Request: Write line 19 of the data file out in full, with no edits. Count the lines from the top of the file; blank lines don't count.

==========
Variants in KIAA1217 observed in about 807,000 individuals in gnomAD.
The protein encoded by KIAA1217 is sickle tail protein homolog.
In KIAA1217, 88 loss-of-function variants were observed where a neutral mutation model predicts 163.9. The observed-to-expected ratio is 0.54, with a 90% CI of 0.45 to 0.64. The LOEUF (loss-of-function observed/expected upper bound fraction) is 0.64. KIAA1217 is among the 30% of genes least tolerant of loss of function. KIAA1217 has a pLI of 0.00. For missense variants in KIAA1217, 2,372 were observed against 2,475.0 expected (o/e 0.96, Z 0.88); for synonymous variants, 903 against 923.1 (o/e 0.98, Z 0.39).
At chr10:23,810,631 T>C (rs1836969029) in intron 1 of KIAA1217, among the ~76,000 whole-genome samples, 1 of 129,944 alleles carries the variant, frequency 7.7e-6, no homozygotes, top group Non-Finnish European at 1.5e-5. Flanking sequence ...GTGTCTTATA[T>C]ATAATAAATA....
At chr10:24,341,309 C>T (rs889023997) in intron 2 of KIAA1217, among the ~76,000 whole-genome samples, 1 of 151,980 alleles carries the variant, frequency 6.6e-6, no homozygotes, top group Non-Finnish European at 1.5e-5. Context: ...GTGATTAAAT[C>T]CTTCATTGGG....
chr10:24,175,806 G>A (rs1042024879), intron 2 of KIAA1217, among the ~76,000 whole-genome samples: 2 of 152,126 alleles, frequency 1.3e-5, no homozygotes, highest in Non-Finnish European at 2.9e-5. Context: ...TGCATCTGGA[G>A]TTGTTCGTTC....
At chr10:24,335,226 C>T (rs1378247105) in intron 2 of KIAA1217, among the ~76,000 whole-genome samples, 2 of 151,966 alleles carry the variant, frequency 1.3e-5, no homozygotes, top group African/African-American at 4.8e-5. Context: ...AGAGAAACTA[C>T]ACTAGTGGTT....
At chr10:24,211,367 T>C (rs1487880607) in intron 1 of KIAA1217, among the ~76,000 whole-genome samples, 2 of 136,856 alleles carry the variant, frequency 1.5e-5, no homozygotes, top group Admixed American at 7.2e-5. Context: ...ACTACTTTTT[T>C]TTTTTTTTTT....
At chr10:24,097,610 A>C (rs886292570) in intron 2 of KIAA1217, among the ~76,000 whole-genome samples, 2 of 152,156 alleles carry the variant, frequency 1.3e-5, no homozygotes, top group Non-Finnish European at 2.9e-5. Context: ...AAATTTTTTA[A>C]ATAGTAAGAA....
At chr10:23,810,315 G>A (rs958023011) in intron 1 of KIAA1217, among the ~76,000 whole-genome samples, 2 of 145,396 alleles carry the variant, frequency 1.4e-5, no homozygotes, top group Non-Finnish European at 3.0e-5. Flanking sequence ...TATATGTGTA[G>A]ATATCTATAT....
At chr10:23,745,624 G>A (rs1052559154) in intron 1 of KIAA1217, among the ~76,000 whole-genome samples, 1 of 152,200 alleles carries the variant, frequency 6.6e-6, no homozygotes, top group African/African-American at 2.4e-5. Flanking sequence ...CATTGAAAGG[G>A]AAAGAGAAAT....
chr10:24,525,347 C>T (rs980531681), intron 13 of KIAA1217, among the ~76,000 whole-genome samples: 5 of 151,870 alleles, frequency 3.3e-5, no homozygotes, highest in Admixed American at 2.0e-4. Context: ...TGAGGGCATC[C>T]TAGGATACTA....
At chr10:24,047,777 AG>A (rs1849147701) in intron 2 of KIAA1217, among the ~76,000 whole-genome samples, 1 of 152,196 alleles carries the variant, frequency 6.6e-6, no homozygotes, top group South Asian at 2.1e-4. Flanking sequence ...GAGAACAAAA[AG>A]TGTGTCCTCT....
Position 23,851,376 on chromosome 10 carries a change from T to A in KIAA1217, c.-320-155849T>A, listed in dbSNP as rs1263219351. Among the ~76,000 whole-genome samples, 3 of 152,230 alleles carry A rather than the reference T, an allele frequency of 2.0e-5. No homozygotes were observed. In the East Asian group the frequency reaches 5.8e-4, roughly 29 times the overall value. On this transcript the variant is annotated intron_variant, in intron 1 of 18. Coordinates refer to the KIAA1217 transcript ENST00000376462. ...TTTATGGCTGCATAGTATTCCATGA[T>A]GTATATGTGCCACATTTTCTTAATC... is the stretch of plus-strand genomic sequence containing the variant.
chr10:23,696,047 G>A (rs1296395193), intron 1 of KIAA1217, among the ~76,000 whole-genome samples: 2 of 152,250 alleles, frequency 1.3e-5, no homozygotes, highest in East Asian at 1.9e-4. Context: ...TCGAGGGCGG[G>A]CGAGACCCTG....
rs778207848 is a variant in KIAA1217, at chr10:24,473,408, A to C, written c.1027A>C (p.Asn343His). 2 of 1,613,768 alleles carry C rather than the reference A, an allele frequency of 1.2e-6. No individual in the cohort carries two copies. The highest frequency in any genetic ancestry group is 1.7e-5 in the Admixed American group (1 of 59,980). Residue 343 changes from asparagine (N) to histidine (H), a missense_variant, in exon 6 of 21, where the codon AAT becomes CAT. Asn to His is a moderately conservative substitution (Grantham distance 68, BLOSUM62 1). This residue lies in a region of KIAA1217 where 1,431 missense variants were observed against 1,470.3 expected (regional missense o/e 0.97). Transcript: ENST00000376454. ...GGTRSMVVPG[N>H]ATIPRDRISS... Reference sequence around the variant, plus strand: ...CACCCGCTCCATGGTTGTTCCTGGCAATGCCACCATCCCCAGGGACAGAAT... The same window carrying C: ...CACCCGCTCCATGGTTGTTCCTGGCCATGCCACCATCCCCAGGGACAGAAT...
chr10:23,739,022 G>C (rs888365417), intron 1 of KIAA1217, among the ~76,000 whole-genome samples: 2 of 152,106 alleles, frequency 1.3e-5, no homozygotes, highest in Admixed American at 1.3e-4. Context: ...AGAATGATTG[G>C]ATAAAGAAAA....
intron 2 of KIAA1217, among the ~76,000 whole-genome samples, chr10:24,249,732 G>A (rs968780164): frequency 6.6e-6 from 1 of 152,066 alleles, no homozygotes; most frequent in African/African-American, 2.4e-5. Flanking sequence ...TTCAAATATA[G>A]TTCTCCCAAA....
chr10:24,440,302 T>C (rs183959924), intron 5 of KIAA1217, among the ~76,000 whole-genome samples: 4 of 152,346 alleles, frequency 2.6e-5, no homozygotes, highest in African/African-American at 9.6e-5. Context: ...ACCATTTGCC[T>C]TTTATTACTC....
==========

chr10:24,440,302 T>C (rs183959924), intron 5 of KIAA1217, among the ~76,000 whole-genome samples: 4 of 152,346 alleles, frequency 2.6e-5, no homozygotes, highest in African/African-American at 9.6e-5. Context: ...ACCATTTGCC[T>C]TTTATTACTC....